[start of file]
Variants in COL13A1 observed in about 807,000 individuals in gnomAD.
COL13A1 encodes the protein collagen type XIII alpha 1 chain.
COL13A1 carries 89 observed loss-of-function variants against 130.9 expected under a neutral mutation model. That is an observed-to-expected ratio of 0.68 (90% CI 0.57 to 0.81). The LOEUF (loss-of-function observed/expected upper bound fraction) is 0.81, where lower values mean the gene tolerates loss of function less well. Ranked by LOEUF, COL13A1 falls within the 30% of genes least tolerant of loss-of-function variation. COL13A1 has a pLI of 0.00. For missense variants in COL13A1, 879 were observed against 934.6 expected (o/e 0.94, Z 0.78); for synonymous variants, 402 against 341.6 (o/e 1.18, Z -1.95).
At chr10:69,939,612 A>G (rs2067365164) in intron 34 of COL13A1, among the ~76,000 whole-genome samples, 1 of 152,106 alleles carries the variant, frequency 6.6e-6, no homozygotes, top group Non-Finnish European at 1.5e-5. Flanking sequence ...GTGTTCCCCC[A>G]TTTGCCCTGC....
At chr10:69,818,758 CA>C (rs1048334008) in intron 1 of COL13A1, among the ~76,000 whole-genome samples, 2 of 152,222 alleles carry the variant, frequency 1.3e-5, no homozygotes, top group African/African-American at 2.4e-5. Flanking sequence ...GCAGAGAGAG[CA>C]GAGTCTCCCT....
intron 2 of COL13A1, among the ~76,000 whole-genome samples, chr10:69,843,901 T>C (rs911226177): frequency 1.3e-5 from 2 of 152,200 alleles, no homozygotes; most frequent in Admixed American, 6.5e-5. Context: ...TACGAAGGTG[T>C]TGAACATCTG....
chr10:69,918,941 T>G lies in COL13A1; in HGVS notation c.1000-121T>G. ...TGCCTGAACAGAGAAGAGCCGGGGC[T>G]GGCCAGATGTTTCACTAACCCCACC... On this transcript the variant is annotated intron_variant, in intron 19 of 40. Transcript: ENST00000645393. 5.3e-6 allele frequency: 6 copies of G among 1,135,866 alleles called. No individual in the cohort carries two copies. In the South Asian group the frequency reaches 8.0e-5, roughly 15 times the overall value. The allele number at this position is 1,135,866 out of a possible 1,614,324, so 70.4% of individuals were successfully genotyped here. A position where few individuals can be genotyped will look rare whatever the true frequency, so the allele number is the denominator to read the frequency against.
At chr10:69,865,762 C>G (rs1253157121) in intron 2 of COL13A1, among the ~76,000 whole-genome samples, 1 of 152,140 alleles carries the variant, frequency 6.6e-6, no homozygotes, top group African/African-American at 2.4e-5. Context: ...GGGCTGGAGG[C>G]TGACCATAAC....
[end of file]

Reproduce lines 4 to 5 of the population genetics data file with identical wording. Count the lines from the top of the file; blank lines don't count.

At chr10:69,939,612 A>G (rs2067365164) in intron 34 of COL13A1, among the ~76,000 whole-genome samples, 1 of 152,106 alleles carries the variant, frequency 6.6e-6, no homozygotes, top group Non-Finnish European at 1.5e-5. Flanking sequence ...GTGTTCCCCC[A>G]TTTGCCCTGC....
At chr10:69,818,758 CA>C (rs1048334008) in intron 1 of COL13A1, among the ~76,000 whole-genome samples, 2 of 152,222 alleles carry the variant, frequency 1.3e-5, no homozygotes, top group African/African-American at 2.4e-5. Flanking sequence ...GCAGAGAGAG[CA>C]GAGTCTCCCT....